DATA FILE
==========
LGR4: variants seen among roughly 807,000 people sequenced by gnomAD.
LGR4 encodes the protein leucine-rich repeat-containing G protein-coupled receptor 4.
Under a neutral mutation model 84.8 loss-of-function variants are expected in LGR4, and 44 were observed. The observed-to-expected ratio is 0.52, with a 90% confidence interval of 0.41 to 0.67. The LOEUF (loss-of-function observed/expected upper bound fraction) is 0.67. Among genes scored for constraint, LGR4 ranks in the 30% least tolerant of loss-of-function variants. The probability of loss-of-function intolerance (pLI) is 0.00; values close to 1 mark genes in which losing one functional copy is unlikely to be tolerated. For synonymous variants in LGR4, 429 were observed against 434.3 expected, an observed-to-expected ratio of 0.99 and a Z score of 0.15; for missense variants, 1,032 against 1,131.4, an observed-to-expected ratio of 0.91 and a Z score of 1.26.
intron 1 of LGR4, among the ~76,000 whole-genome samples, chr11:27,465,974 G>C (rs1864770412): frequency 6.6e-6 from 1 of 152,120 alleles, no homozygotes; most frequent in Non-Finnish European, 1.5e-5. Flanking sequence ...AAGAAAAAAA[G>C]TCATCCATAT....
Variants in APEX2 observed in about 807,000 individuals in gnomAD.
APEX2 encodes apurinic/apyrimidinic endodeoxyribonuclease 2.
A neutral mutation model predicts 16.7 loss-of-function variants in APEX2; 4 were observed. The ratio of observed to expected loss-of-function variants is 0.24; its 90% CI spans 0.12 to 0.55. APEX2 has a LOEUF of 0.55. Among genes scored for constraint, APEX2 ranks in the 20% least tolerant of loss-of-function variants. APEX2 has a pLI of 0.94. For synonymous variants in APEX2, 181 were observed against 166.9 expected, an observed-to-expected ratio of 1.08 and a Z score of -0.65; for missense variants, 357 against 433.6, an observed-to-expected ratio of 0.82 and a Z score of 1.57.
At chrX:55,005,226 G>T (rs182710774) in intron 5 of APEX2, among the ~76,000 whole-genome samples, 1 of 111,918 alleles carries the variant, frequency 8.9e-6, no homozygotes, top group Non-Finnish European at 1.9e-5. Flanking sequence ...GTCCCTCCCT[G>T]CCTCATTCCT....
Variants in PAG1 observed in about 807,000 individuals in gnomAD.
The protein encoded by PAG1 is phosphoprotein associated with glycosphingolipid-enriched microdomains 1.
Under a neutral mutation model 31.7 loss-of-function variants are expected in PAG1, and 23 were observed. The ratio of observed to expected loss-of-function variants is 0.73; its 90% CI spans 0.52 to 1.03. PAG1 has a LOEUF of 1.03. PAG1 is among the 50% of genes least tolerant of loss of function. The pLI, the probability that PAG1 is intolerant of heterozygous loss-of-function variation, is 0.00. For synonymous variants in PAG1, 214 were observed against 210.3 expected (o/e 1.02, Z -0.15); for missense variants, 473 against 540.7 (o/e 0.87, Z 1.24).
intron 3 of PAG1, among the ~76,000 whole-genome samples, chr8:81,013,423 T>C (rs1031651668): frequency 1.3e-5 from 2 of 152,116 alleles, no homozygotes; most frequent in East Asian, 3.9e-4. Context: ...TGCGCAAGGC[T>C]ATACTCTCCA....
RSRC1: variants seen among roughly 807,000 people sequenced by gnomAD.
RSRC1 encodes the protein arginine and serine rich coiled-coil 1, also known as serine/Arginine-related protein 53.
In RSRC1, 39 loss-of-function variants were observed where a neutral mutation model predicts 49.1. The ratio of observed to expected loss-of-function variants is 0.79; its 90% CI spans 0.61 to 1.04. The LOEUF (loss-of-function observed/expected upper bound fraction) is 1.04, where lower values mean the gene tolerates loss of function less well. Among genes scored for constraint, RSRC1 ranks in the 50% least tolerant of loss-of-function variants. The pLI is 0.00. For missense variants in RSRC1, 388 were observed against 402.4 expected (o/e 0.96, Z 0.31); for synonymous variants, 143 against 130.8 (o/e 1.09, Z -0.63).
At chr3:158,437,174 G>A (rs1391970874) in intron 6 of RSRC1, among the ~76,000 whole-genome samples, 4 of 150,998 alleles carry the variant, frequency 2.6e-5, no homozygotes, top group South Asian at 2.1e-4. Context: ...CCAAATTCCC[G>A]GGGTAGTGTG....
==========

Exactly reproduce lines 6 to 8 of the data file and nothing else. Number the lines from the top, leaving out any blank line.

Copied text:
APEX2 encodes apurinic/apyrimidinic endodeoxyribonuclease 2.
A neutral mutation model predicts 16.7 loss-of-function variants in APEX2; 4 were observed. The ratio of observed to expected loss-of-function variants is 0.24; its 90% CI spans 0.12 to 0.55. APEX2 has a LOEUF of 0.55. Among genes scored for constraint, APEX2 ranks in the 20% least tolerant of loss-of-function variants. APEX2 has a pLI of 0.94. For synonymous variants in APEX2, 181 were observed against 166.9 expected, an observed-to-expected ratio of 1.08 and a Z score of -0.65; for missense variants, 357 against 433.6, an observed-to-expected ratio of 0.82 and a Z score of 1.57.
At chrX:55,005,226 G>T (rs182710774) in intron 5 of APEX2, among the ~76,000 whole-genome samples, 1 of 111,918 alleles carries the variant, frequency 8.9e-6, no homozygotes, top group Non-Finnish European at 1.9e-5. Flanking sequence ...GTCCCTCCCT[G>T]CCTCATTCCT....